U.S. Capitol building (copy)

Last week, Business Insider’s global editor-in-chief made an embarrassing and, honestly, baffling admission: He didn’t know that each and every seat of Congress is on the ballot every two years.

“That’s insane,” Nicholas Carlson tweeted (in a post he has since deleted). “No wonder they’re all grandstanding like their (sic) in the middle of a campaign all the time. Because they are!”

“This is a problem!” he added.

And just like that, one more voter grew frustrated with the way things work in Washington. He may have been slow to realize that Congress spends a lot of time not legislating, but he's not wrong about the problem.

Changing the length of the terms our elected representatives serve would require a constitutional amendment. But there are ways that Congress can change the way it operates to make the time members spend in the Capitol — as well as the time they spend at home — more productive.

Just ask U.S. Rep. Mark Pocan.

The Democrat from the town of Vermont is a member of the Select Committee on the Modernization of Congress — a bipartisan committee established in January tasked with holding hearings and developing recommendations on modernizing the House.

“We’re trying to improve how Congress operates,” Pocan told me late last month, while he was back in the 2nd Congressional District for a week between a set of four-week floor periods.

Our conversation — which you can hear in full on my Wedge Issues podcast — covered the gradual growth of the Congressional Progressive Caucus, why he supports launching an impeachment inquiry into President Donald Trump and, among other things, the Wisconsin cheeses he shares with his friends in Washington, D.C.

But it was Pocan’s mention of the committee’s modernization efforts that piqued my interest.

He has a lot of experience in legislative politics, starting long before he was elected to Congress. He served on the Dane County Board from 1991 to 1996 and was elected to the state Assembly in 1998. He served there until he was elected to Congress in 2012.

Although he is an unabashed progressive Democrat, he has also earned a reputation for forging productive relationships — even friendships — across the aisle, most notably with state Assembly Speaker Robin Vos, R-Rochester, during his time in the state Legislature.

When I asked Pocan what has surprised him most about Congress, his answer was, “Just how much time is utterly wasted in airports and airplanes.”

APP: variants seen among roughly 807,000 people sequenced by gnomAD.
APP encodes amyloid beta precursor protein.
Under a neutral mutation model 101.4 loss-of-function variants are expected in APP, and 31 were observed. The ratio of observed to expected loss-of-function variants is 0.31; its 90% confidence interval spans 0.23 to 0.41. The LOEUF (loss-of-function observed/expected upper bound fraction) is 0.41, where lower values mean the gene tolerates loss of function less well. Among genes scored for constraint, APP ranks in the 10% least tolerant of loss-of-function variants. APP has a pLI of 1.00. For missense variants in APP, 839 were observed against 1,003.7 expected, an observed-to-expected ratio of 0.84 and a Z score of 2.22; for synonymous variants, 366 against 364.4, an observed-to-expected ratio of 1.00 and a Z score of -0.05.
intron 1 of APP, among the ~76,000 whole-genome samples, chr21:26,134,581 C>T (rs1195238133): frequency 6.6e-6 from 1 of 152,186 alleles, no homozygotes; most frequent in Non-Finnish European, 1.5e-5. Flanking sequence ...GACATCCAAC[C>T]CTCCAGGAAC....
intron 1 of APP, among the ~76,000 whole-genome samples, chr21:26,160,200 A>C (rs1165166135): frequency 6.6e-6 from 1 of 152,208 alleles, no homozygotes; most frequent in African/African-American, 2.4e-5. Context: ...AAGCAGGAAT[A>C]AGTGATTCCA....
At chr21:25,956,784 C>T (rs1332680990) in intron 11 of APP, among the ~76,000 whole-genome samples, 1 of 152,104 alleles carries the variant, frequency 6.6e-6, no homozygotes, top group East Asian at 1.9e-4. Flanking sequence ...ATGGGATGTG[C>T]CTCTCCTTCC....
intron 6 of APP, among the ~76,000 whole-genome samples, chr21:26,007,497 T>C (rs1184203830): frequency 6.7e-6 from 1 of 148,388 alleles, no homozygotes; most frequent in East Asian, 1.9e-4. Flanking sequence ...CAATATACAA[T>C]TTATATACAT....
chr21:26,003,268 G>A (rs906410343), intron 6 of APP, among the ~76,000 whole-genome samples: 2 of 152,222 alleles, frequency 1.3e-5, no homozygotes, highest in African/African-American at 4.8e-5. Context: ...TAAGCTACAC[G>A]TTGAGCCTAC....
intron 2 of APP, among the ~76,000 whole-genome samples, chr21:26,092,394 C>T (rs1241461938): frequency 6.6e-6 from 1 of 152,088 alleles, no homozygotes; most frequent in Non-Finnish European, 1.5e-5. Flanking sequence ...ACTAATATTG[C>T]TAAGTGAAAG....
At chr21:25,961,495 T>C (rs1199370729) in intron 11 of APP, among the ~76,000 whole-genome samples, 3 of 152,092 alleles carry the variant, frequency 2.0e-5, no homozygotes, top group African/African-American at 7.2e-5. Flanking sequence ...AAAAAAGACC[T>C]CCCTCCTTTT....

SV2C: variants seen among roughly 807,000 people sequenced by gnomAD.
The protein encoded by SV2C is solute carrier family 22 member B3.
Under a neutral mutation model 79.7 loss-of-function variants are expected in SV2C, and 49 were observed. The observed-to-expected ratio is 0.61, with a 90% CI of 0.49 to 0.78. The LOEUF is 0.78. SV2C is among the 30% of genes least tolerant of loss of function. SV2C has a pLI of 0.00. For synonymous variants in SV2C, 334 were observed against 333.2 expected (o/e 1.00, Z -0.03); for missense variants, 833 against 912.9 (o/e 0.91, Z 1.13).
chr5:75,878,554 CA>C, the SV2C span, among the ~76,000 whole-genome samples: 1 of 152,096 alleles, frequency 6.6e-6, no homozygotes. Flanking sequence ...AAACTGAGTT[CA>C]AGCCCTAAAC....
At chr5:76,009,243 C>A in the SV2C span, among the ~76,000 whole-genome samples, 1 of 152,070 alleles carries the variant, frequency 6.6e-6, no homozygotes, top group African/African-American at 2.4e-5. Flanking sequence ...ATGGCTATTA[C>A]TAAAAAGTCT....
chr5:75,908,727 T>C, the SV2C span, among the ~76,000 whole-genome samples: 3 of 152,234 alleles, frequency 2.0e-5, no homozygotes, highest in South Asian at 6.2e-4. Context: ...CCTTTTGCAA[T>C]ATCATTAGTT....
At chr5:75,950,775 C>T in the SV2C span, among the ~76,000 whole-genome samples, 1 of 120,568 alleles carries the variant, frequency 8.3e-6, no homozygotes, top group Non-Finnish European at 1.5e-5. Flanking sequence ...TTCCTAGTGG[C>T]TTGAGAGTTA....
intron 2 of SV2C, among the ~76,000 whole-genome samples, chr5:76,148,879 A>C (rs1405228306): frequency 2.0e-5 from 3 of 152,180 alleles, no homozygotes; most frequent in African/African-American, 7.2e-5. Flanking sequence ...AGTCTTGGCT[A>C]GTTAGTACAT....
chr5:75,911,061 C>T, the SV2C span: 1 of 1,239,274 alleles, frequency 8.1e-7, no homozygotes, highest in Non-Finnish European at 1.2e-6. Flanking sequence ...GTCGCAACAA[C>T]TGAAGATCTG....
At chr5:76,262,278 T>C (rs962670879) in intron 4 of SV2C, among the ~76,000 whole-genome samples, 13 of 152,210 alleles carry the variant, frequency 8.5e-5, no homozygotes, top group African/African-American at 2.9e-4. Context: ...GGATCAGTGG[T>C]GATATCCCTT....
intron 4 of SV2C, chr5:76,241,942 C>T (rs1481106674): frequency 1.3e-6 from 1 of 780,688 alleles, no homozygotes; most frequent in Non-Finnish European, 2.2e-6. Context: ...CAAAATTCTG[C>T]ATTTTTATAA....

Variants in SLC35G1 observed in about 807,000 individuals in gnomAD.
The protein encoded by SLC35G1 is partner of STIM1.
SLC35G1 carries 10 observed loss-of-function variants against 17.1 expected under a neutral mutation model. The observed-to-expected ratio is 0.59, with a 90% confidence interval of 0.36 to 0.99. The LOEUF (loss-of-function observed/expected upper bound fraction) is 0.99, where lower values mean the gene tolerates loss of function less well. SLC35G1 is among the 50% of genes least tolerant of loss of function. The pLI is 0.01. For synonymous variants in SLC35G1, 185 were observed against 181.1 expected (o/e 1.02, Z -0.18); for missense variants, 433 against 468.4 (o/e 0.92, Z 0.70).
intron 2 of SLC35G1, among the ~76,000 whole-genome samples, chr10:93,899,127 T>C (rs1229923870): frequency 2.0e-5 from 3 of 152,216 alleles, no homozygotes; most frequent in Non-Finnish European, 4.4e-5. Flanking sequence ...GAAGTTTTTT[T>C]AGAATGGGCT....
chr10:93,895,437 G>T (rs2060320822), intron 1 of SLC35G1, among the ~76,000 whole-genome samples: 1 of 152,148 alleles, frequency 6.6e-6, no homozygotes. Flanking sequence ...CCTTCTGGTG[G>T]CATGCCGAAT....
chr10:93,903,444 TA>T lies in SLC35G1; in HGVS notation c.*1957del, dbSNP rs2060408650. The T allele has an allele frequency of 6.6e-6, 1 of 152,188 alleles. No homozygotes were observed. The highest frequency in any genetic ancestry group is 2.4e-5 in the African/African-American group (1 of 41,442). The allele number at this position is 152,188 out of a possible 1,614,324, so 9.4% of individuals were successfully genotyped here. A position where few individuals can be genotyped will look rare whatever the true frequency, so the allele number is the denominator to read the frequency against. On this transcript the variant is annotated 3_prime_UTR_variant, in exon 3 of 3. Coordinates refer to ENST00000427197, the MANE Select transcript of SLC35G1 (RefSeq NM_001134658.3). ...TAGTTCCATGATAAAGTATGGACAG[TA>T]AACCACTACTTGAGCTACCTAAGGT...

There’s nothing Congress can do about how far its members have to travel or how often weather or mechanical difficulties cause flight delays and cancellations. But Congress can give its members a more sensible schedule, which might even provide the added bonus of leading to stronger bipartisan relationships.

The House is rarely in session for a full, five-day week — which means members often spend part of the workweek flying back and forth rather than getting to know each other outside of the Capitol.

Pocan is advocating for a change to that schedule. Under his suggested calendar, the House would be in session for two consecutive five-day weeks, followed by two consecutive weeks at home. That would provide more time on the floor, more time in Washington and more uninterrupted time at home.

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“Maybe we’ll stay over the weekend and get to know each other — God forbid that would happen,” he said.

The new schedule would also give lawmakers a more focused period of time to meet with constituents in their districts.

“You’d be home for two weeks in your district, because it’s as important that I’m representing the views of people across the district as I am trying to explain Washington to everybody in the district,” Pocan said.

A calendar change is far from the only adjustment that could benefit Congress — and with a disapproval rate of 77 percent among the public according to Gallup’s monthly poll, few would question some changes are in order.

But other adjustments that have been suggested — pay increases and changes in committee structure, for instance — are likely to be a heavier lift. A new calendar won’t solve every problem, but it would be a small start.

Jessie Opoien is opinion editor of The Capital Times. jopoien@madison.com and @jessieopie

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Jessie Opoien covers state government and politics for the Capital Times. She joined the Cap Times in 2013 and has also covered Madison life, race relations, culture and music. She has also covered education and politics for the Oshkosh Northwestern.